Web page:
Nathan AldermanMacworld

Nathan Alderman is a writer and copy editor, and frequent Macworld contributor based in Alexandria, Virginia.

Review: WriteRoom 2.3

If you just want to write, without any distractions, a full-screen editor like WriteRoom could be what you need. Nathan Alderman has our review.

Advice from a noveling veteran

Nathan Alderman has some tips about how to unlock your creativity and make it across the National Novel Writing Month finish line, 50,000 words later.

Write a novel in 30 days

Yes, you can write a novel in 30 days. And there are plenty of tools to help Mac users succeed at National Novel Writing Month. Here are tips, tricks, and tools from one NaNoWriMo survivor.

Review: Storyist 1.4

Writers who thrive on structure and need a solid framework to wrangle their copious notes will enjoy Storyist’s approach to writing. But if you don’t need quite so much detail when you write, there are less expensive and equally feature-rich alternatives.

Review: Firefox 3.0

Powerful and polished, Firefox 3 improves on its predecessor in nearly every respect. However, users may not get all of the dramatic speed boosts promised.

Review: Outspring Mail 1.0

The program deserves credit for trying a whole new approach to e-mail. Given time to iron out its quirks and add planned features to its first-rate interface, this program could become a serious contender on the Mac e-mail scene.

Review: PowerMail 5.6.3 e-mail software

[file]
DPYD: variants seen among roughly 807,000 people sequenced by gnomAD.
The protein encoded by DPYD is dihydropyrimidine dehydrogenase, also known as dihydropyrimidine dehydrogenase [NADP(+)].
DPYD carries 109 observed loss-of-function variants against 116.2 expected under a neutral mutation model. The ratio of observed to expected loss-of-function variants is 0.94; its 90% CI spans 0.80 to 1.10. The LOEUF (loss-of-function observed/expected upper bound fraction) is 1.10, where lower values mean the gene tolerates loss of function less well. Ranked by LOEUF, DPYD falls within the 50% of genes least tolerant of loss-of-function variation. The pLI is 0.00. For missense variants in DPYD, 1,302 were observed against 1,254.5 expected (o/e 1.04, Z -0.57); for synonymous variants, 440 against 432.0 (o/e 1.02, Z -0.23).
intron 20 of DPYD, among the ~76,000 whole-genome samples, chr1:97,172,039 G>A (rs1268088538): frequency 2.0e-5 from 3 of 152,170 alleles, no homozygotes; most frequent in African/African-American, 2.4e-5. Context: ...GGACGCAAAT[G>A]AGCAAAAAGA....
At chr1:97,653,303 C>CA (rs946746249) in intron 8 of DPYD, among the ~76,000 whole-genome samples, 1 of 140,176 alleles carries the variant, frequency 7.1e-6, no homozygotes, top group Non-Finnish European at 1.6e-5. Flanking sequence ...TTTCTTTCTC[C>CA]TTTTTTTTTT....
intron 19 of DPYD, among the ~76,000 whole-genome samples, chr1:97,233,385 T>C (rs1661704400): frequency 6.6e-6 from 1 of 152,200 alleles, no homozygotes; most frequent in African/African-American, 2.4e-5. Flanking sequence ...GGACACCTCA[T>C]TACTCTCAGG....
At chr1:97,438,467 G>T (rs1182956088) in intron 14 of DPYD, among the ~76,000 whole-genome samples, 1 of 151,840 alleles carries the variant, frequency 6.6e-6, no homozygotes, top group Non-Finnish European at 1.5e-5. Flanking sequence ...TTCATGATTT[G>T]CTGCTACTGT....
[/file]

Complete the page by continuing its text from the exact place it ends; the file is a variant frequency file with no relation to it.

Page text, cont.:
The biggest strength of CTM's e-mail program is that its FoxTrot-based search function is blazingly fast. PowerMail messages are also thoughtfully available for Spotlight searches performed in the Finder. But when it comes to other vital e-mail features, such as spam filtering and encryption, PowerMail falls short.

Review: Yahoo! Mail online e-mail

Yahoo! Mail sports a great new interface, but if you demand more from your e-mail service than the basic features, prepare to pay a monthly fee.

Review: Google Gmail e-mail software

Google's Gmail is a lot like Google's Web search: simple, no frills. But Gmail has a nice feature set that makes it a nice choice for online email—as long as you don't mind the contextual ads that Google displays on the Gmail Web page.

Firefox 2.0

With version 3 currently in beta testing, promising improved rendering, easier bookmarking, and tighter OS X integration, Firefox can only get better. Serious Web users who don’t mind a little extra heft should find this browser’s flexibility both welcome and invaluable.

SeaMonkey 1.1.8

SeaMonkey 1.1.8 feels like a great browser saddled with so-so add-ons, and trapped beneath an oppressive interface.

Camino 1.5

If you value speed and superb design above all else, and you don’t need Firefox’s flexibility or Safari’s RSS reader, take Camino 1.5.5 for a test drive. What it lacks in fancy features, it more than makes up in snappy performance and style.

Scrivener 1.03

If you rarely write more than letters or business documents, stick with Microsoft Word or Apple’s Pages. But if you’re planning to write a novel, script, short story, or research paper, Scrivener 1.03 was made for you.

Billings 2.0.5

Billings 2’s superb interface, comprehensive feature set, and amazing customization tools make it a great choice for all but the most frugal.

Shoebox 1.6

Intermediate photo fans who need a friendly, relatively inexpensive way to catalog, search, and back up their images will find Shoebox invaluable.